Ishvara pranidhana! Surrendering to our highest goal! Surrendering to God!
The third practice that today is probably the most challenging for us humans is surrendering to God’s loving providence. Either we don’t believe that God is lovingly compassionate, especially when things are not going well or we don’t want to believe that there are some things in life that we just can’t change. According to the Yoga Tradition we are destined to experience certain things in life because of deep-seated unconscious samskaras (mental patterns). They dictate our lives.
For example, I may have been born, for whatever reason, with the unconscious pattern of drinking a lot of alcohol. Let’s say I mix that unconscious samskara (pattern) with the goals that humans usually have; namely, pleasure, power or fame. I may for a period of time become confused about how I might attain true happiness. Instead of surrendering to God, my highest goal, I start to surrender to pleasure as my highest goal. I end up drinking a lot more than I should maybe to drown some hurt or anxiety. In the end, I do not experience happiness.
Out of this confusion, I end up being quite unhappy and may eventually, after a spiritual awakening, realize that the reason for my “alcohol-use” pattern is to learn that I needed to surrender to God and not my own desire for pleasure.
Accepting things that happen in our lives is a challenge, but those events are a way for the compassionate, loving Source of Life (God) to bring us back to the true goal of life—union with that Source of Life, union with God. That’s what most religions mean when they talk about “getting to heaven.” But even non-religious people want to be one with ultimate happiness. They just don’t think Ultimate Happiness is A Compassionate, Loving Being that people call God.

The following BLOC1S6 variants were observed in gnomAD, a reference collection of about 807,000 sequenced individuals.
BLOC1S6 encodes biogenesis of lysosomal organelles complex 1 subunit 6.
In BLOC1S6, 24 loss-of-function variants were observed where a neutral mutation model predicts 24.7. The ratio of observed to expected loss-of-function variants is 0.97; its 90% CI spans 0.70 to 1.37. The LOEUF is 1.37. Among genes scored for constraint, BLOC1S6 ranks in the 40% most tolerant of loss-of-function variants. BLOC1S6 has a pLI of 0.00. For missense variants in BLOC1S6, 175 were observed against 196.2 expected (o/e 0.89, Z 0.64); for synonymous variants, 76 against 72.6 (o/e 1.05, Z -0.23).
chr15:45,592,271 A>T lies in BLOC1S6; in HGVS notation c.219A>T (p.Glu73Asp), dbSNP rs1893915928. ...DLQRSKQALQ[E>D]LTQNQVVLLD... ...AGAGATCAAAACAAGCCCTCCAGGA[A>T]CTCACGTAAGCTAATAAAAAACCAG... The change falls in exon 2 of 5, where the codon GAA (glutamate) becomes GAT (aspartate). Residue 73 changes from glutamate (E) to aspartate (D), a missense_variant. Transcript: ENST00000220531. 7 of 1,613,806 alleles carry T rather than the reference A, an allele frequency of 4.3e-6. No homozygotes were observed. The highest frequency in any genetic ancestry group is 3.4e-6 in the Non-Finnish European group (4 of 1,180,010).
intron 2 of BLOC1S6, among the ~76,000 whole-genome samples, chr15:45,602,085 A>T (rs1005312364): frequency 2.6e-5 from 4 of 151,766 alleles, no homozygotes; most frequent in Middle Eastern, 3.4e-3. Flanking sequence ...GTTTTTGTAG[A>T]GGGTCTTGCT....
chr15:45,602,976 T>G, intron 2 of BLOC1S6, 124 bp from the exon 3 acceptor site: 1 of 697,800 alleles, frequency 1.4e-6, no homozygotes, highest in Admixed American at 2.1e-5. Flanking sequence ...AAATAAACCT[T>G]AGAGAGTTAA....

Surrendering to that Being, to that Reality, means that we are always protected, always cared for. However, this surrendering process is challenging because often we think that what we want is what God wants. When I am experiencing painful moments, or even glorious ones, I have found that focusing on the presence of the divine in my life and being surprised by what happens is truly an exciting adventure.
My inner divinity never lets me down. Sometimes what happens is a great experience and at other times it is quite challenging and painful. I usually find myself saying a little phrase to myself, like the Jewish phrase, “Be still and know that I am God.” Or the Christian phrase, “Jesus Christ, Son of God, have mercy on me.” Or like my mom always used to say, “Jesus, Mary, Joseph help me!” Or my Sanskrit Maha mritungjaya mantra.
Each of these phrases (mantras) guide my mind back to my Ultimate Goal (Ishvara) and I accept what is happening in my life. Each of them brings me to a point of joy and peace. I return to the happiness of knowing that I AM LOVED by the Source of Life, no matter what is unfolding in front of me.
Of course, this takes effort, the effort of tapas; and takes self-knowledge, the knowledge of realizing which “mantra” or “phrase” will be the most appropriate for that particular experience.
In the long run, we return to the three practices that happy people have learned to practice constantly—tapas, svadhyaya, and Ishvara pranidhana. And all this can happen on the yoga mat.
Happy practicing! Happy exercising! Happy surrendering! Happy yoga!